A lot more. It’s a breastfeeding goodie oasis.

The Breastfeeding Center has two private groups for Northeast Ohio moms on Facebook, a general mama chat and one for working moms. Both groups have a number of moms ready connect and support other moms.

“We have almost 11,000 moms in the group and there’s a lot of good conversation that goes on,” she said, speaking of the Mama Chat. “It is a way to have a connection to other breastfeeding mothers.”

As per the previous SOS piece on Facebook support groups, I asked Studer about the group’s moderation. She confirmed that she and the other moderators run a tight ship.

“Because we’re a breastfeeding group, there are certain things I don’t allow,” Studer said. She explained that some controversial issues can lead to hurtful comments, and those comments aren’t tolerated in the group. Everyone is encouraged to share their thoughts and ideas respectfully.

So, if you are a new mom, or a soon-to-be new mom, looking for a safe, well-moderated space to get breastfeeding support online, you can visit The Breastfeeding Center Mama Chat Facebook Group or The Breastfeeding Center Working Mama Chat Facebook Group.

In fact, if you’re a new mom with any number of littles, or soon-to-be mom, during this pandemic, please reach out. The nursing journey is so much better with a village.

A brief list of groups and resources in Akron:

Akron-Area Breastfeeding Support Groups:

Many of these support groups are currently meeting outpatient or virtually only (rather than in groups), while some are still meeting with precautions. Please call to find out what is currently available as of November 2020.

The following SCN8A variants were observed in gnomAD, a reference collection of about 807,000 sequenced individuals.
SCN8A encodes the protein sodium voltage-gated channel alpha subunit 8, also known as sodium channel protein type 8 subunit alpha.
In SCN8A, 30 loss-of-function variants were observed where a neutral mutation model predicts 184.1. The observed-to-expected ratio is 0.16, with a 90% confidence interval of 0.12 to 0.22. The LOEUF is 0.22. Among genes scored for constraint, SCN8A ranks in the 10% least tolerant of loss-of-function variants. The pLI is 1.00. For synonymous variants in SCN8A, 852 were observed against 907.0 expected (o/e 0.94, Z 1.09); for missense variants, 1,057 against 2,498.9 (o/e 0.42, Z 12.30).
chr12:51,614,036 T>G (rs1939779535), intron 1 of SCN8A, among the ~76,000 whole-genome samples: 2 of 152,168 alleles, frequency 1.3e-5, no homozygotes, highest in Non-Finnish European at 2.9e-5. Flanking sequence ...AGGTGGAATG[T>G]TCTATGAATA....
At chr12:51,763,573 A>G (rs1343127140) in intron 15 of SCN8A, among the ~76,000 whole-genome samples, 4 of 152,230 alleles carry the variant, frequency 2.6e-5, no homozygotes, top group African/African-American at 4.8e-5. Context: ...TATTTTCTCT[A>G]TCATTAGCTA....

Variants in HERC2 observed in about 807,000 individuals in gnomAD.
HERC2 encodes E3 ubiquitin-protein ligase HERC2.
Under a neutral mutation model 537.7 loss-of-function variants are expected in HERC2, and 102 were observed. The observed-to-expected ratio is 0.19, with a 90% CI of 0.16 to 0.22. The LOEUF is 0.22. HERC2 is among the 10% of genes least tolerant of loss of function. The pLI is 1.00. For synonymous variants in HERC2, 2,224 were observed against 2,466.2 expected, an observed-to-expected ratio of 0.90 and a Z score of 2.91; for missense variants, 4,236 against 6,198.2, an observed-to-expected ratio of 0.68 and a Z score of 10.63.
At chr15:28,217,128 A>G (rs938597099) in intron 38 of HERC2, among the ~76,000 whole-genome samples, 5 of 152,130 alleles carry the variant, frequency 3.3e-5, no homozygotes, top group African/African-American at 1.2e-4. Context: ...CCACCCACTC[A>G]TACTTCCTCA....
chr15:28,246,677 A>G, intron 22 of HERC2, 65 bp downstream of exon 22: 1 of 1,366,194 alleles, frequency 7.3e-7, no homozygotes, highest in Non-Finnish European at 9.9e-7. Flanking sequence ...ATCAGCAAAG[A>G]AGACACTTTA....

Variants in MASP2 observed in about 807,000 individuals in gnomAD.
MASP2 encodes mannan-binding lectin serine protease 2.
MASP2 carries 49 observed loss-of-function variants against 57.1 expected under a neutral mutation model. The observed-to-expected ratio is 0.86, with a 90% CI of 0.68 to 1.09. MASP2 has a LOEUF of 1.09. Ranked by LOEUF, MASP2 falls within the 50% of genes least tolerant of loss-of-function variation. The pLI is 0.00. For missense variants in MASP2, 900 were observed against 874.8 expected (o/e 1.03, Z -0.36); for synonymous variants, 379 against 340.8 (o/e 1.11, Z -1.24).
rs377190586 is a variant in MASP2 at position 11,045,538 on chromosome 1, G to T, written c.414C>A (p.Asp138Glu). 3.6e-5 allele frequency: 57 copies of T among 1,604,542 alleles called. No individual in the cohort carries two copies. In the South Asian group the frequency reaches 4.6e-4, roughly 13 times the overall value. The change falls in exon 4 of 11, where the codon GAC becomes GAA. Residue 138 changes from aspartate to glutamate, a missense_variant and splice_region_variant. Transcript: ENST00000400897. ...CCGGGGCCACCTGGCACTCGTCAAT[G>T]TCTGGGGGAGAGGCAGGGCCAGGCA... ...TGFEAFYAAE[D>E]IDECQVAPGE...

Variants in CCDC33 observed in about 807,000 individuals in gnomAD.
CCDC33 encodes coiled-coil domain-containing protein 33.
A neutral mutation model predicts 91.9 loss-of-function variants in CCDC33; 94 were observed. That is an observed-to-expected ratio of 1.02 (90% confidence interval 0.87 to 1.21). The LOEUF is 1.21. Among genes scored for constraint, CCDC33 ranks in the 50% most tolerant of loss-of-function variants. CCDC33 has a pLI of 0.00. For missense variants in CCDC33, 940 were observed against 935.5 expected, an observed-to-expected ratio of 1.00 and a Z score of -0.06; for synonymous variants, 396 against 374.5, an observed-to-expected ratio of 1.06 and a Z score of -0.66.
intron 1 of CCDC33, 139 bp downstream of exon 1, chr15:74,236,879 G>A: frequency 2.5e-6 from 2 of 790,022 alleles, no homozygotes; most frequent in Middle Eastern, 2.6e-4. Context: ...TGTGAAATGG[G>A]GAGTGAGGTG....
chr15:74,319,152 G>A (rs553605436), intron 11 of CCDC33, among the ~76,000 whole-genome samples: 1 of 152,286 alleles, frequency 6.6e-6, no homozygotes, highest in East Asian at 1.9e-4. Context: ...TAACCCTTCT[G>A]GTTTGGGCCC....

Akron Children’s Hospital

Mom’s group for lactation and new mother support, as well as COVID-19-safe individual offerings. Contact Liz Maseth at 330-543-4531 for outpatient services.

The Breastfeeding Center

Features a variety of services including free weight checks, free bra fittings, nursing classes, cloth diapering classes, a shop with many baby and breastfeeding products including scale and pump rentals, and semi-private and private consultations. Some services on hold due to COVID-19 (call for updates). Self-pay, though some clients are able to submit reimbursement requests through their insurance. 

Call (330) 837-0220 or e-mail breastfeedingcenter@yahoo.com

Summa Health System – Akron Campus

Monday and Friday, 12:30 – 1:00 p.m. 

141 N Forge, H Tower Conference Center, Ground Floor

Parking: Available in the Main Deck; please bring parking stub to group for validation.

Pre-registration is required for safety, call 330-375-4271. 

Summa Health System – Barberton Campus

Thursday, 1:00 – 3:00 p.m.

201 Fifth Street NE, Suite 13, Barberton

Parking: Available in the deck next to the medical building (across the street from the hospital); please bring parking stub to group for validation.

Call 330-615-3710 with questions.

Julie is a mother of three and Professor of Practice at The University of Akron. Her hobbies include singing in the Cleveland Orchestra Chorus, Instagramming her kids and sleeping standing up.

Featured photo: used with permission from Betsy Studer